just a side note
I always say that PFDs are broken up in 10s and 20s. 10 bucks gets you a smalll convenience or do-dad, 20 Dollars gets you a design improvement.

You are going to buy a boat, you MIGHT buy a different one (due to actual vs. precived use) shortly. Your padde will PROBably go with you, your PFD sure as heck will.

What ever you thought you should spend on your PFD add 50%. You will be happier.


Yeah, PFDs are one of the easiest
things to evaluate beforehand, with a bit of help from someone who knows what to check. There really aren’t any good ones at low prices, but even at medium and high prices one can’t buy through the mail unless prepared to use the return privilege.

For a first-timer with no experience,
you hit the nail on the head. Your list consists of all top-quality kayaks from high end companies. And, on top of that, You want to demo them. This is most important. By demoing the kayaks, you can get a sense of which one you like the best, performance wise and styling wise.

If you really like the vision 130 dont hesitate to try it. It is beautiful, and since its current designs, we know the quality will be there. Think of it like the Toyota or Nissan of kayaks (the other companies you named- wilderness systems,necky are just as good). And, Current Designs usually recieve very high reviews and I have paddled many CD models myself, and they all performed beautifully.

The small cockpit means good for
large open waters.

Old Town
Add the Cayuga by Old Town to your list. Try the 14’6".

I have to agree
with the suggestion of the Cayuga. My husband and I are both newbies and we demoed several boats and went with the Cayuga 146 for him (though we both loved paddling it) and the Delta 12.10 for me. The Delta is not mentioned much, but the reviews have all been good and it’s just what I was after, a “jack of all trades” boat. We plan on mostly large lakes and quiet rivers with some occasional protected coastline kayaking and some class I, maybe II now and then. We also plan on some kayak camping. I also wanted something that I could chuck up on the car and head out to the nearest lake whenever I felt like it. If this sounds like you, then I would check out both boats. Good luck and Happy Paddling!!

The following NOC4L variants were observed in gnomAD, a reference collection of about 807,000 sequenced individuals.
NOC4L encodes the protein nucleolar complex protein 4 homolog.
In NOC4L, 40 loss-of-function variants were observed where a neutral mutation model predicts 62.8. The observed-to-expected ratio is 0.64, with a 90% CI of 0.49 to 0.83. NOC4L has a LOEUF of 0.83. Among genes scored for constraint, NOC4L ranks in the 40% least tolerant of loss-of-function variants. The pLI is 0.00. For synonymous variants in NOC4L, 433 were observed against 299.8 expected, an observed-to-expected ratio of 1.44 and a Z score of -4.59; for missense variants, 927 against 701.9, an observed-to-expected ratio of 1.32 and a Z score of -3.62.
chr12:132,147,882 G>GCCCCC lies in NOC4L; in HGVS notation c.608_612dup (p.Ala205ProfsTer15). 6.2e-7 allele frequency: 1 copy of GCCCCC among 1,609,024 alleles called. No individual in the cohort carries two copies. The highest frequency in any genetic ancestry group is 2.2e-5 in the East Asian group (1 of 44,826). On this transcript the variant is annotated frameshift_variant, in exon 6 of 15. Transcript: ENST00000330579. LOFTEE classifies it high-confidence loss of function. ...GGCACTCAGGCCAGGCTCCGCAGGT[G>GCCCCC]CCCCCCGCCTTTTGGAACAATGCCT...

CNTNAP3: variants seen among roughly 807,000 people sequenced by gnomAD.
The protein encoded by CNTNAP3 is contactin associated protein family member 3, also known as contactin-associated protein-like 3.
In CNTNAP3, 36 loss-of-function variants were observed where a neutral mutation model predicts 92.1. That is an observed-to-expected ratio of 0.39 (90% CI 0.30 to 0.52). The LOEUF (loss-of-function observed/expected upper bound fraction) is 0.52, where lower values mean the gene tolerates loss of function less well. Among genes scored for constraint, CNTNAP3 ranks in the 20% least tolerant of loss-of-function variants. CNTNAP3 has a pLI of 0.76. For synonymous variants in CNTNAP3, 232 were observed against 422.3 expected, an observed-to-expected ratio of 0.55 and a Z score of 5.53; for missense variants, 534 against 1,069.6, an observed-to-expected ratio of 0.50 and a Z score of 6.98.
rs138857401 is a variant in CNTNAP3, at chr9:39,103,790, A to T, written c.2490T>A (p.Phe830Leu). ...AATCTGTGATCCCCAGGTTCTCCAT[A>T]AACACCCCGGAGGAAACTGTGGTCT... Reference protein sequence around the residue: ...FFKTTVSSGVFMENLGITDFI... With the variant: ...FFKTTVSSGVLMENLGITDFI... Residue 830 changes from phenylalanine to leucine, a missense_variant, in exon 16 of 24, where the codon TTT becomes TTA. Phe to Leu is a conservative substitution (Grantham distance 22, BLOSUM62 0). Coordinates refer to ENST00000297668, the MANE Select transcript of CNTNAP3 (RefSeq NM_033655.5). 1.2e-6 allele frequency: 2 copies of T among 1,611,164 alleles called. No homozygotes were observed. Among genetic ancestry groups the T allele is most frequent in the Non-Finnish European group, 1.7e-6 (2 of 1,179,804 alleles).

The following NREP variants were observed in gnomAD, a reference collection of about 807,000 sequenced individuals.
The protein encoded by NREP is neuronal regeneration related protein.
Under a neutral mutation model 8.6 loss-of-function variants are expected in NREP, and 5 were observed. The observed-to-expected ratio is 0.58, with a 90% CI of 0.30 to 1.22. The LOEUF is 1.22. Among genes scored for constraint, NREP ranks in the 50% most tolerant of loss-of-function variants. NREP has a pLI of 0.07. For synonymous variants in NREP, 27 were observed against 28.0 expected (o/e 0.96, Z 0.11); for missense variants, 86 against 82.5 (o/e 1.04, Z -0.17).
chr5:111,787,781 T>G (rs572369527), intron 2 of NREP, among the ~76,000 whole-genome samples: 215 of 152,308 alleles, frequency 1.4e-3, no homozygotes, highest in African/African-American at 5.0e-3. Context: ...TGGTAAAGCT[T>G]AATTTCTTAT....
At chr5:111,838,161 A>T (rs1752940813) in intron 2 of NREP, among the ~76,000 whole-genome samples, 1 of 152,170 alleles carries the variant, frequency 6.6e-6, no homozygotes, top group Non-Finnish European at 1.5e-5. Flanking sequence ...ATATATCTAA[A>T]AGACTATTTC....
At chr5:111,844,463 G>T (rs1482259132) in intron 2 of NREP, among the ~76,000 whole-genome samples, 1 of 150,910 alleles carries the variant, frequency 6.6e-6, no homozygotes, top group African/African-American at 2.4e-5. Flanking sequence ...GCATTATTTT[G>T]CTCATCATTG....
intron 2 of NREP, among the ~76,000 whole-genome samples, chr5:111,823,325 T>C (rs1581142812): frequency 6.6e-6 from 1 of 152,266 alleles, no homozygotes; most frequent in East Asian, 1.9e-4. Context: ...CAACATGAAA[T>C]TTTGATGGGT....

If you have even an inkling of wanting
to paddle larger waters or rivers or ocean, forego a new “recreation” kayak. You’ll be selling it soon. Get something used. I would search Craigslist,want ads in your local paper, the classifieds here. You really do not need a specific model, you do not know enough about kayaking to be choosy yet. If you are comfortable in the boat, it will be ok.

I’m in Kansas
. . . so oceans are out. And the Missouri River is nearby but that river scares the heck out of me. I wouldn’t go near it unless and until my skill level was high. Its a fast-moving big river and more than a few around here have drowned.

So I’ll likely stick to lakes and reservoirs for the foreseeable future.

And I am a bit concerned about weight . . . however, my budget says “poly.” On my list above, the Manitou and Vision are allegedly 49 lbs . . . which is fairly light for plastic boats 13’ to 14’ . . .